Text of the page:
Sunday, September 25, 2016

To Have an Art Studio? The Ultimate Crafter's Question

Often times I get to wondering about what my favorite artists' crafting spaces look like. I read things like 'kitchen table' or 'corner of my bedroom' but I never really get to see what they actually look like. The internet doesn't provide much help in this regard either. I mostly just get Pinterest results of staged organization ideas. Nobody is that clean. Not even me. Trust me, even with a nice space inspiration sometimes never comes. And keeping it nice is even more of a chore. So, I've decided to share a bit of my own past and present with the whole picture perfect studio vs. home studio debate.

I had an art studio once. It was both good and bad. It was good because it was the perfect place for me to emerge from my two year long creative slump. And it was located next door to my job at the time. And it got me away from the house. And it was filled with sunlight. See:

This is the room when I first encountered it.

I first came across this space when the World's Littlest Skysecrapr and attached boutique was changing hands. The new business owners were about to take up residence inside of Hello Again and the old owner was moving away. The old owner was a regular of mine at the restaurant next door. For some reason, I had never actually been inside the skyscraper, so I decided to visit and tell her goodbye. And fell in love. And was told no, I could not rent out the empty space.....because. The new owners later changed their minds, but not before I had spent a couple days at home crying over the matter:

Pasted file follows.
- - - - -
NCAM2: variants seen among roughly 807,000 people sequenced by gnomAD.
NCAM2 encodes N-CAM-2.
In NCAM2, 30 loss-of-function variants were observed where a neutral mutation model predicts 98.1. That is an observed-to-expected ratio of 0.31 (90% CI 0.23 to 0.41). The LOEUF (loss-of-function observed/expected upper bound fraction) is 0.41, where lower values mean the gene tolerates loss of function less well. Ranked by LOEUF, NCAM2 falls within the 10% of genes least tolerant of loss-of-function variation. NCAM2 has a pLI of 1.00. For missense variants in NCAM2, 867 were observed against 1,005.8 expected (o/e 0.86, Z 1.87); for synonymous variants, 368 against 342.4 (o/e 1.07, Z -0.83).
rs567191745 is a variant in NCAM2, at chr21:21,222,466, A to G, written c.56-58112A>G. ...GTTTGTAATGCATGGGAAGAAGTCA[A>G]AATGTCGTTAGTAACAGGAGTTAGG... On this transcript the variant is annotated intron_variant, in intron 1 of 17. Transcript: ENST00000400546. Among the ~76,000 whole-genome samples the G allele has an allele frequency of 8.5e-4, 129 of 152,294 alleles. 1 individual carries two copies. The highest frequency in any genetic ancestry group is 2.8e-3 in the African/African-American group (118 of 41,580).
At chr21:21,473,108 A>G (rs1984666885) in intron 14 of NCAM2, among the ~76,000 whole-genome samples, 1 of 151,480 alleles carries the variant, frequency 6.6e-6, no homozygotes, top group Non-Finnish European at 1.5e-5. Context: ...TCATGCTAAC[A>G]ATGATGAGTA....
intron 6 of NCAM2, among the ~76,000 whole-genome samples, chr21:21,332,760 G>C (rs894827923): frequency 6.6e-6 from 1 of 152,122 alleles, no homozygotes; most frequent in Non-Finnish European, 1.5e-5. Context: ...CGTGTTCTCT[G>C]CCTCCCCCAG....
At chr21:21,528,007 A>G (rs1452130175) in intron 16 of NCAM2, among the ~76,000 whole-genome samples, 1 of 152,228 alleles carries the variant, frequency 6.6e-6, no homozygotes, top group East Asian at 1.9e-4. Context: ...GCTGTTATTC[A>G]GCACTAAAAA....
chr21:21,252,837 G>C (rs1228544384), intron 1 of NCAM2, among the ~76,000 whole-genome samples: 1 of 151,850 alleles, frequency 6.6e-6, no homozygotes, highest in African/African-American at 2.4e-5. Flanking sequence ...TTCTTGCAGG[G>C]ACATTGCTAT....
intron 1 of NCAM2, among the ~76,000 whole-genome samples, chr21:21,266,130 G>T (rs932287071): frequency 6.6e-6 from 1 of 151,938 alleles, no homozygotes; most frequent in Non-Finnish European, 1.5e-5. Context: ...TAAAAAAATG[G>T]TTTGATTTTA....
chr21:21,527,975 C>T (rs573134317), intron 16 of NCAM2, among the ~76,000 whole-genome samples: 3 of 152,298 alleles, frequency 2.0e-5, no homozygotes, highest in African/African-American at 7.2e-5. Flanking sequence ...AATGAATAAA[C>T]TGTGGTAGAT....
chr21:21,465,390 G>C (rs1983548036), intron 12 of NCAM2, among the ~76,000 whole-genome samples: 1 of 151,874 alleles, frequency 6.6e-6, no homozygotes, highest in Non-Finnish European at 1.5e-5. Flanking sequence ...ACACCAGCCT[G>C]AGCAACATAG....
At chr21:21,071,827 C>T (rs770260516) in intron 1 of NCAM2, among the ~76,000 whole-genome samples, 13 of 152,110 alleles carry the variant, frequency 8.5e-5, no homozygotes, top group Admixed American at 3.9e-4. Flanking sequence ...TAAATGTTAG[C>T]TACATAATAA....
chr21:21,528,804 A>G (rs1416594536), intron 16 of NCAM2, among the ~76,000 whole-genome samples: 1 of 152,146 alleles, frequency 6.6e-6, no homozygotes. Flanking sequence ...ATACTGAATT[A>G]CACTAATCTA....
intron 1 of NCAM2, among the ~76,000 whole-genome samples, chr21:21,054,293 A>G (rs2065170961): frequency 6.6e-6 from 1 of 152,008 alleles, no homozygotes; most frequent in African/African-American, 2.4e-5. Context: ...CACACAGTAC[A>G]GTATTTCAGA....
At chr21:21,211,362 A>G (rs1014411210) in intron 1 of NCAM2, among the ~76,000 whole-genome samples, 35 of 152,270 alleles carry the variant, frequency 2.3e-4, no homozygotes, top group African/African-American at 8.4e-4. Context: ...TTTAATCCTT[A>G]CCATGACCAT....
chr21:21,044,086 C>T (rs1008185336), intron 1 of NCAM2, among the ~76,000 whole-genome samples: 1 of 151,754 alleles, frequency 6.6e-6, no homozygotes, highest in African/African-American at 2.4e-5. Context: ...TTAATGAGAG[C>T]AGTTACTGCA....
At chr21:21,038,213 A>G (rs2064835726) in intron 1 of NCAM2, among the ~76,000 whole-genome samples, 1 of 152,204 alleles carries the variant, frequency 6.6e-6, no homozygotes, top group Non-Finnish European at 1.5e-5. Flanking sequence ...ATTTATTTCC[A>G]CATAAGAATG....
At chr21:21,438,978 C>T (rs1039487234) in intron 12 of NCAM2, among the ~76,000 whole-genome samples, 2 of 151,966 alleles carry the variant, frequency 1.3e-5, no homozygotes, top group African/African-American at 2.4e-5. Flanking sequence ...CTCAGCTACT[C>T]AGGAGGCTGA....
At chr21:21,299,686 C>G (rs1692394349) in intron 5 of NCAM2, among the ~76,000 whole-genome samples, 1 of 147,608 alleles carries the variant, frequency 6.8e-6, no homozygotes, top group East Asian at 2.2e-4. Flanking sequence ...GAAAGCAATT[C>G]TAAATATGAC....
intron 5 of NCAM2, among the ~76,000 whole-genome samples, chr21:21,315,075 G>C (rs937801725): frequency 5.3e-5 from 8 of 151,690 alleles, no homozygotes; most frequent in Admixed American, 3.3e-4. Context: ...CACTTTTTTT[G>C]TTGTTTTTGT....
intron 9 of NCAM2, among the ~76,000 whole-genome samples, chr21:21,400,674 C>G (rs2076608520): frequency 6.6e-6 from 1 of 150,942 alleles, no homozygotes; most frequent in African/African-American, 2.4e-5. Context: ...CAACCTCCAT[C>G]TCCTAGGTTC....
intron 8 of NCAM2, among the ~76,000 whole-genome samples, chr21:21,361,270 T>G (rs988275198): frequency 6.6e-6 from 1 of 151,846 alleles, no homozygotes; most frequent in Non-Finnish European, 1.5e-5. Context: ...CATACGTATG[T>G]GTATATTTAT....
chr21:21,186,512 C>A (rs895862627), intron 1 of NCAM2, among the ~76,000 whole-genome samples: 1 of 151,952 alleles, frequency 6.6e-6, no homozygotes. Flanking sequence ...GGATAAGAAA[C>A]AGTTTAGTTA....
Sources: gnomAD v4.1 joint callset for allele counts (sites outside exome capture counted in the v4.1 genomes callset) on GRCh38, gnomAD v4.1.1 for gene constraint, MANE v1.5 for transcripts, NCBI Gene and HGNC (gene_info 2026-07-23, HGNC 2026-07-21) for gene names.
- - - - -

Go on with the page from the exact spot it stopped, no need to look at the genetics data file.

Still rocking my Pi shirt though!

This happened roughly in May of 2015, not that long ago really. At the time I really needed to have a place of my own. It needed to be a place that was neither work nor an apartment that I was quickly tiring of. It needed to be a space specifically for crafting. This room fit the bill!

Beading desk, chair, stool, and old tv stand for storage.

Jewelry displays/hidden storage.
This and two other pieces were the only things I sold in six months in the studio.

If I remember right, the space measured about 14x16 feet. So, not much bigger than a craft show space. It was perfect. I got to meet tourists because of the building itself. I had a downstairs neighbor who was a colored pencil artist. And I got lots and lots of sunlight! But all of this didn't last long. I soon started a second job inside of town, rather than downtown. I then left my restaurant job for the second job and had less mandatory reason to frequent downtown, especially with an erratic schedule. Then I bought my new/old car back in October and had to make the tough decision to replace my studio rent for car payments. But never fear! I was not terribly upset because by that point, JD and I were on the way to moving out of our sad apartment and into a three bedroom house. :-)

This ended up being an even better thing for me. For all my fancy studio, there was very little I could do to work on tutorials, or blog or, you know, stay in the building past 5:30 PM. It was a very sad thing to be kicked out right when I'd just started being excited about a project. Or to only be inspired on Mondays, when the building was closed. :-(